1. Quality espresso
- Most stores have upgraded to the Swiss-made Mastrena, designed to make a high-quality espresso shot.
2. Fresh coffee
- Starbucks never serves coffee that has been sitting for longer than 30 minutes.
3. Customized coffee
- The chain claims to serve 87,000 different drink combinations.
4. Time efficient
- With two registers and a full staff, Starbucks can accommodate 220 customers per hour.
5. Consistency of brand delivery
- Starbucks baristas undergo over 30 hours of training on everything from techniques to the origins of coffee beans.
6. Best coffee
- Select stores have the top-of-the-line single-brew Clover coffee machine.
7. Good culture
- A healthy corporate benefits package offers health insurance for baristas who work at least 20 hours per week.
- Customers can pay with their smart phone and can earn stars that will go towards free drink and free food awards.
9. Internet service
- Starbucks provides free WiFi, with no restriction on laptop use.
- Starbucks makes it a goal to get each customer in and out in 3 minutes.
- The assumption that you can wing it. It is vital to do the proper research before opening up your own coffee business. If taking over an existing shop, you have to know the current business’ operations, successes and challenges. Whether starting from scratch or taking over an old shop, you have to know about the retail coffee business, how to open a business in general and how to acquire the necessary skills in accounting and management, the cost elements of your business, and how to brew coffee of course. In addition to researching prior to opening your shop, have a plan for after the opening. Set aside enough personal time for your business venture, sort out your personal and business finances, develop an overall business concept, develop a budget and establish a timeline. Failure to research and plan can result in a waste of time and loss of money. Additionally, not understanding all of the work that plays into owning a coffee business can lead to early burnout, damaging your energy needed to sustain a company.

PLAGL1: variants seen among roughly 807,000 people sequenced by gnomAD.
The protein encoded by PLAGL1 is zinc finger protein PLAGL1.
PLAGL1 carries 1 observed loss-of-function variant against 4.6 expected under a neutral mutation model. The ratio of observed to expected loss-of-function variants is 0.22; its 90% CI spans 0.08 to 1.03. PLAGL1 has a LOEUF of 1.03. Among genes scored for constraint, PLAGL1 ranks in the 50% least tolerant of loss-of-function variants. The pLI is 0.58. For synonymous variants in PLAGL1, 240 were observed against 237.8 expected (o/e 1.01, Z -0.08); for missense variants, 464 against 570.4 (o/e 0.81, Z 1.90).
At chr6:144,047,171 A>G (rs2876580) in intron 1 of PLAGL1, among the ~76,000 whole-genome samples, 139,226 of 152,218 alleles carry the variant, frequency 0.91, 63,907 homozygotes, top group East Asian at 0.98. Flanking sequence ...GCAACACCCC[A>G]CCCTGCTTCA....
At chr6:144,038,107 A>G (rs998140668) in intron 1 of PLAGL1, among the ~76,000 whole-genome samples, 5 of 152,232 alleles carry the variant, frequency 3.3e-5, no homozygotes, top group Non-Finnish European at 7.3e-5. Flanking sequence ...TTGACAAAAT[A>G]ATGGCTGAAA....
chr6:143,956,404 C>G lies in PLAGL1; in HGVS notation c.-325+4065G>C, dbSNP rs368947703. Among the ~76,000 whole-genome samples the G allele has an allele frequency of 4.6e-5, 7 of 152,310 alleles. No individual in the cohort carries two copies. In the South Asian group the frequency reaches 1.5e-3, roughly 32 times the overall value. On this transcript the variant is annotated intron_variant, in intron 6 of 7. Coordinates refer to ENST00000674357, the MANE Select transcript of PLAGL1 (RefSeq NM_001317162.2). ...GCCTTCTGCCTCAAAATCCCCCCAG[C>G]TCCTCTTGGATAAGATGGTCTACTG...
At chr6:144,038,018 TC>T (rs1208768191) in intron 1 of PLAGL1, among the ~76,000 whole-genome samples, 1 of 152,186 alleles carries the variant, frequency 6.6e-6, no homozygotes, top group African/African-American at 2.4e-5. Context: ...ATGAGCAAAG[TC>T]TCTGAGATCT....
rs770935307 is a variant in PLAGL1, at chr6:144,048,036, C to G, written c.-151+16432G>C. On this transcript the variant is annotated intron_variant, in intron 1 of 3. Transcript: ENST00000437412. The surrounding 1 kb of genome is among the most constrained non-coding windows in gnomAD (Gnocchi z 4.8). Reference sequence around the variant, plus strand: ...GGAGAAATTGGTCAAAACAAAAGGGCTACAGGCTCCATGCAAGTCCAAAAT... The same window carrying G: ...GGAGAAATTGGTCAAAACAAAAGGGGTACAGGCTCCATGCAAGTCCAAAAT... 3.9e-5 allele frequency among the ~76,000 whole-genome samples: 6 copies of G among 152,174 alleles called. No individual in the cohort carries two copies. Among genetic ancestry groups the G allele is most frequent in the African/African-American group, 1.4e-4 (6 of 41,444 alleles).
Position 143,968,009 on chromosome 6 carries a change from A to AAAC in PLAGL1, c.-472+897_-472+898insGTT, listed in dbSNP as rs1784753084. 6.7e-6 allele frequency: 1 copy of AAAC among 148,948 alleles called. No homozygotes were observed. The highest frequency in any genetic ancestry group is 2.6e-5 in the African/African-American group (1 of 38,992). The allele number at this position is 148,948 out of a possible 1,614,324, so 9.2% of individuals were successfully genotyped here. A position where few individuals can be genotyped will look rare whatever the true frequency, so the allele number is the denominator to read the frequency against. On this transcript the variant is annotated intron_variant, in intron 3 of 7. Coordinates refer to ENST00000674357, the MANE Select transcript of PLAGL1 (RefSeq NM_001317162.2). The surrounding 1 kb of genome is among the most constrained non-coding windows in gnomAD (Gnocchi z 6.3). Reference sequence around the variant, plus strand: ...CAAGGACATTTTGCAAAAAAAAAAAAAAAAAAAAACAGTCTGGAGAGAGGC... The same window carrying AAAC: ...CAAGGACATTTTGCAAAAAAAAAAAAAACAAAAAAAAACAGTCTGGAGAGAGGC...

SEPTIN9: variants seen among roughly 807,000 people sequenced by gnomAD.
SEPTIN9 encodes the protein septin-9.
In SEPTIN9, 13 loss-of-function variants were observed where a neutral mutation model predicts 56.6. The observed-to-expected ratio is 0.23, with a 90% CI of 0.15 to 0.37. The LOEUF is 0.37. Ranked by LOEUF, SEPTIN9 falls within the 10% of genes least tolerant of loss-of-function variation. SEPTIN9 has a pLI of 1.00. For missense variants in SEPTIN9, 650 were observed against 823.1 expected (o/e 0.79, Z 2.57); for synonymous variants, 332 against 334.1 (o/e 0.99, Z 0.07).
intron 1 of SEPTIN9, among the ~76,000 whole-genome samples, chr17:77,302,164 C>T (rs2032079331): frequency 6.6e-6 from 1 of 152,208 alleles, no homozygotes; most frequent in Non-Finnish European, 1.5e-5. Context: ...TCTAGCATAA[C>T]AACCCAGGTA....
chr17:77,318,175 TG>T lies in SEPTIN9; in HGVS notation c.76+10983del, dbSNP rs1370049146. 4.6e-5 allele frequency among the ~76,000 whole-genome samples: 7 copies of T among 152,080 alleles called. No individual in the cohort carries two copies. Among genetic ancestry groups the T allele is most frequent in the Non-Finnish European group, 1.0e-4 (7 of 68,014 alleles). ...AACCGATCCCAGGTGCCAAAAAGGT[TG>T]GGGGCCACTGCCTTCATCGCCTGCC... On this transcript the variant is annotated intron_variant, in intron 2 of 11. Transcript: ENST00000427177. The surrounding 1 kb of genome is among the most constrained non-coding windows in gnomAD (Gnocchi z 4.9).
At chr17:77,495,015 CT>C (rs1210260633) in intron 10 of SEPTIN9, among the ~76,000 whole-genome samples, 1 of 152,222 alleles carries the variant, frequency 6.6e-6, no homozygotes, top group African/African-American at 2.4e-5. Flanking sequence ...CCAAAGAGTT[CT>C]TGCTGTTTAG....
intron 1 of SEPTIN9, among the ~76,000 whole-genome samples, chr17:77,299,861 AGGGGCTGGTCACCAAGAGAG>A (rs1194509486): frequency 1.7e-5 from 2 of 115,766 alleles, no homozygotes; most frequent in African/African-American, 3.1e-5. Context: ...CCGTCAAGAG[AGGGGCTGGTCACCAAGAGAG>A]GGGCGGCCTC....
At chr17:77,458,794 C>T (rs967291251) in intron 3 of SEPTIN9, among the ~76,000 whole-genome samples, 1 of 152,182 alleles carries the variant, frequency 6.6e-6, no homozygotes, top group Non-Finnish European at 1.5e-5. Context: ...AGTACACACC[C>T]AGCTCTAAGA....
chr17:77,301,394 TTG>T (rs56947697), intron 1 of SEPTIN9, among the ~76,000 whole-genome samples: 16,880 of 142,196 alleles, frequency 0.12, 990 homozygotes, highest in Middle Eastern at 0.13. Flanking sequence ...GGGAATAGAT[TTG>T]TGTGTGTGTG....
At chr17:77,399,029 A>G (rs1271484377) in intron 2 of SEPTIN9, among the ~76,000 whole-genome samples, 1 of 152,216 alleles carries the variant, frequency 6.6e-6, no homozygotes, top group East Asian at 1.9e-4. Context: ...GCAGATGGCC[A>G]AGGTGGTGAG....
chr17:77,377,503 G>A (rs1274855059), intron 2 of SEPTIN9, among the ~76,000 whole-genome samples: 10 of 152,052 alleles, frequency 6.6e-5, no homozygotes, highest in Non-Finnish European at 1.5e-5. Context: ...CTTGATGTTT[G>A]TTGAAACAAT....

- Failure to start small. Beginwith a narrow menu and add in more products and services as you move forward with your business. You can’t expect to start out making a large profit before your business has really taken off and word of mouth has spread, and putting too much money into products that end up expiring and being thrown away can kill your business early on.
- Not understanding your overall coffee shop concept. You can waste a lot of time and money if you don’t have a foundation to base all of your decisions off of. Determine what kind of business you want to be running, your budget, your location, your competition, and stay on track with your central concept as you move forward with decisions and success will follow. Always keep your brand image and company culture in the forefront of your mind so that you don’t put money in the wrong place.
- Not listening to your customers and taking their feedback to heart. Building a brand, marketing to your target demographic, building great business relationships, providing outstanding customer service, increasing profits and hiring the right people all start with creating a loyal customer following. Watch how customers respond to your business – how they react to your prices, to your menu items, to your service – and make adjustments accordingly to keep them happy. They will notice you making changes to accommodate them and their appreciation will pay off, literally.